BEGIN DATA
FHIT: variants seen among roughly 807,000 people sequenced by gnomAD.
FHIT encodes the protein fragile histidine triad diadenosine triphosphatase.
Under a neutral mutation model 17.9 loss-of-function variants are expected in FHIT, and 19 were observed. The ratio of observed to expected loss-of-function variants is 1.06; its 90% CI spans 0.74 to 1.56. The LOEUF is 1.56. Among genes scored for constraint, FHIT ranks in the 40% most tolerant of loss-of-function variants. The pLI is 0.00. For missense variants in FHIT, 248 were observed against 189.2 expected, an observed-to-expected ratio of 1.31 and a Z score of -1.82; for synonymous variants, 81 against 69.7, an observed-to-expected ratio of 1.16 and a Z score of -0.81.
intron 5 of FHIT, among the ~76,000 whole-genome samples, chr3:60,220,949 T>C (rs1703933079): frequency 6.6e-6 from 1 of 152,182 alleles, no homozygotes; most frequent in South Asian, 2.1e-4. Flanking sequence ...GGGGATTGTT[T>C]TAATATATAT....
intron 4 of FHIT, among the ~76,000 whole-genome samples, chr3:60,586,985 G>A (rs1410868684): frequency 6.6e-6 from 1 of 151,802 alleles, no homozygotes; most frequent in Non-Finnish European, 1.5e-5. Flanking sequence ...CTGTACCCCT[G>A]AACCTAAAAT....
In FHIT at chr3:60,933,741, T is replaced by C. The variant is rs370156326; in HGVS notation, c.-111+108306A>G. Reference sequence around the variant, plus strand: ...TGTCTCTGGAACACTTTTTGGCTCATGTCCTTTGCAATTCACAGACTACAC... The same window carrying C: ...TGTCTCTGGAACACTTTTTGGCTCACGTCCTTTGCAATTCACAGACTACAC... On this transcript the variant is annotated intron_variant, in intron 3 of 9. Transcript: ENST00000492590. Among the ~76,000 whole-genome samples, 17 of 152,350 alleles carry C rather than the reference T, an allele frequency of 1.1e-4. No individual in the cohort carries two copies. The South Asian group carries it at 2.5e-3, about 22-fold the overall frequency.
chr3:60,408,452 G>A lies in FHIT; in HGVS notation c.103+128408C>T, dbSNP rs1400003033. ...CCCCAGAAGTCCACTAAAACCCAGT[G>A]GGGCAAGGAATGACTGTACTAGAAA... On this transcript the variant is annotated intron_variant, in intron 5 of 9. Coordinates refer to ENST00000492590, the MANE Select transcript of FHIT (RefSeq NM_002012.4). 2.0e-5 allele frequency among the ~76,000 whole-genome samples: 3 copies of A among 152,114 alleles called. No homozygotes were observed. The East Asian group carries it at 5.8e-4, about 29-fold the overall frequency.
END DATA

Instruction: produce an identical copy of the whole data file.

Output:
FHIT: variants seen among roughly 807,000 people sequenced by gnomAD.
FHIT encodes the protein fragile histidine triad diadenosine triphosphatase.
Under a neutral mutation model 17.9 loss-of-function variants are expected in FHIT, and 19 were observed. The ratio of observed to expected loss-of-function variants is 1.06; its 90% CI spans 0.74 to 1.56. The LOEUF is 1.56. Among genes scored for constraint, FHIT ranks in the 40% most tolerant of loss-of-function variants. The pLI is 0.00. For missense variants in FHIT, 248 were observed against 189.2 expected, an observed-to-expected ratio of 1.31 and a Z score of -1.82; for synonymous variants, 81 against 69.7, an observed-to-expected ratio of 1.16 and a Z score of -0.81.
intron 5 of FHIT, among the ~76,000 whole-genome samples, chr3:60,220,949 T>C (rs1703933079): frequency 6.6e-6 from 1 of 152,182 alleles, no homozygotes; most frequent in South Asian, 2.1e-4. Flanking sequence ...GGGGATTGTT[T>C]TAATATATAT....
intron 4 of FHIT, among the ~76,000 whole-genome samples, chr3:60,586,985 G>A (rs1410868684): frequency 6.6e-6 from 1 of 151,802 alleles, no homozygotes; most frequent in Non-Finnish European, 1.5e-5. Flanking sequence ...CTGTACCCCT[G>A]AACCTAAAAT....
In FHIT at chr3:60,933,741, T is replaced by C. The variant is rs370156326; in HGVS notation, c.-111+108306A>G. Reference sequence around the variant, plus strand: ...TGTCTCTGGAACACTTTTTGGCTCATGTCCTTTGCAATTCACAGACTACAC... The same window carrying C: ...TGTCTCTGGAACACTTTTTGGCTCACGTCCTTTGCAATTCACAGACTACAC... On this transcript the variant is annotated intron_variant, in intron 3 of 9. Transcript: ENST00000492590. Among the ~76,000 whole-genome samples, 17 of 152,350 alleles carry C rather than the reference T, an allele frequency of 1.1e-4. No individual in the cohort carries two copies. The South Asian group carries it at 2.5e-3, about 22-fold the overall frequency.
chr3:60,408,452 G>A lies in FHIT; in HGVS notation c.103+128408C>T, dbSNP rs1400003033. ...CCCCAGAAGTCCACTAAAACCCAGT[G>A]GGGCAAGGAATGACTGTACTAGAAA... On this transcript the variant is annotated intron_variant, in intron 5 of 9. Coordinates refer to ENST00000492590, the MANE Select transcript of FHIT (RefSeq NM_002012.4). 2.0e-5 allele frequency among the ~76,000 whole-genome samples: 3 copies of A among 152,114 alleles called. No homozygotes were observed. The East Asian group carries it at 5.8e-4, about 29-fold the overall frequency.